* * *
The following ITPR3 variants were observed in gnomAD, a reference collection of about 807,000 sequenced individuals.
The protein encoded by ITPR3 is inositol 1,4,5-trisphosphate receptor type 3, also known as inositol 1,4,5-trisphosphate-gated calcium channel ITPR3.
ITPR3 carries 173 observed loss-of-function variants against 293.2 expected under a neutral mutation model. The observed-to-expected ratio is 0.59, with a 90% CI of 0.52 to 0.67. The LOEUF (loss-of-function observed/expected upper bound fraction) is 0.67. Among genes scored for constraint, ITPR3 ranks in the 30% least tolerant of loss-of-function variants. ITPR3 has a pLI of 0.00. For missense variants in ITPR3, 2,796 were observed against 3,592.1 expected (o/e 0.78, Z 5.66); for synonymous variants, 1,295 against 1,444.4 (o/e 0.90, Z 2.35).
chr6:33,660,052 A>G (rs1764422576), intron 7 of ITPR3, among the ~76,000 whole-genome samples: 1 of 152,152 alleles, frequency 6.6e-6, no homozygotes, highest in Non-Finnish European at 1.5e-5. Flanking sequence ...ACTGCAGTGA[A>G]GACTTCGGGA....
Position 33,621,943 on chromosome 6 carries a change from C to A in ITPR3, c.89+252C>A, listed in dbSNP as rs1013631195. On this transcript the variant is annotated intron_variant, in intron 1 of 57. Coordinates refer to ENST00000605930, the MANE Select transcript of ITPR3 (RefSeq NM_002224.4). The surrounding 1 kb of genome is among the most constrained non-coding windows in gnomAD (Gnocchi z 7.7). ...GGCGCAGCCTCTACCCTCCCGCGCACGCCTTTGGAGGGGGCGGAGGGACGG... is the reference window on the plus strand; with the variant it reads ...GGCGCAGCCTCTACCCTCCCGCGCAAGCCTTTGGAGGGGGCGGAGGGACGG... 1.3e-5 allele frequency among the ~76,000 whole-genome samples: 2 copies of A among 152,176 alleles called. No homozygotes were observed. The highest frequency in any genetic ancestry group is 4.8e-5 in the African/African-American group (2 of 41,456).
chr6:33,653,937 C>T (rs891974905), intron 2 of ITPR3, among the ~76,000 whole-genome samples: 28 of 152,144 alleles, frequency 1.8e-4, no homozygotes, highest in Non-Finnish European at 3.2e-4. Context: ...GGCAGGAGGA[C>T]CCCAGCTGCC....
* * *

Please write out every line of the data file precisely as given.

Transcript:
The following ITPR3 variants were observed in gnomAD, a reference collection of about 807,000 sequenced individuals.
The protein encoded by ITPR3 is inositol 1,4,5-trisphosphate receptor type 3, also known as inositol 1,4,5-trisphosphate-gated calcium channel ITPR3.
ITPR3 carries 173 observed loss-of-function variants against 293.2 expected under a neutral mutation model. The observed-to-expected ratio is 0.59, with a 90% CI of 0.52 to 0.67. The LOEUF (loss-of-function observed/expected upper bound fraction) is 0.67. Among genes scored for constraint, ITPR3 ranks in the 30% least tolerant of loss-of-function variants. ITPR3 has a pLI of 0.00. For missense variants in ITPR3, 2,796 were observed against 3,592.1 expected (o/e 0.78, Z 5.66); for synonymous variants, 1,295 against 1,444.4 (o/e 0.90, Z 2.35).
chr6:33,660,052 A>G (rs1764422576), intron 7 of ITPR3, among the ~76,000 whole-genome samples: 1 of 152,152 alleles, frequency 6.6e-6, no homozygotes, highest in Non-Finnish European at 1.5e-5. Flanking sequence ...ACTGCAGTGA[A>G]GACTTCGGGA....
Position 33,621,943 on chromosome 6 carries a change from C to A in ITPR3, c.89+252C>A, listed in dbSNP as rs1013631195. On this transcript the variant is annotated intron_variant, in intron 1 of 57. Coordinates refer to ENST00000605930, the MANE Select transcript of ITPR3 (RefSeq NM_002224.4). The surrounding 1 kb of genome is among the most constrained non-coding windows in gnomAD (Gnocchi z 7.7). ...GGCGCAGCCTCTACCCTCCCGCGCACGCCTTTGGAGGGGGCGGAGGGACGG... is the reference window on the plus strand; with the variant it reads ...GGCGCAGCCTCTACCCTCCCGCGCAAGCCTTTGGAGGGGGCGGAGGGACGG... 1.3e-5 allele frequency among the ~76,000 whole-genome samples: 2 copies of A among 152,176 alleles called. No homozygotes were observed. The highest frequency in any genetic ancestry group is 4.8e-5 in the African/African-American group (2 of 41,456).
chr6:33,653,937 C>T (rs891974905), intron 2 of ITPR3, among the ~76,000 whole-genome samples: 28 of 152,144 alleles, frequency 1.8e-4, no homozygotes, highest in Non-Finnish European at 3.2e-4. Context: ...GGCAGGAGGA[C>T]CCCAGCTGCC....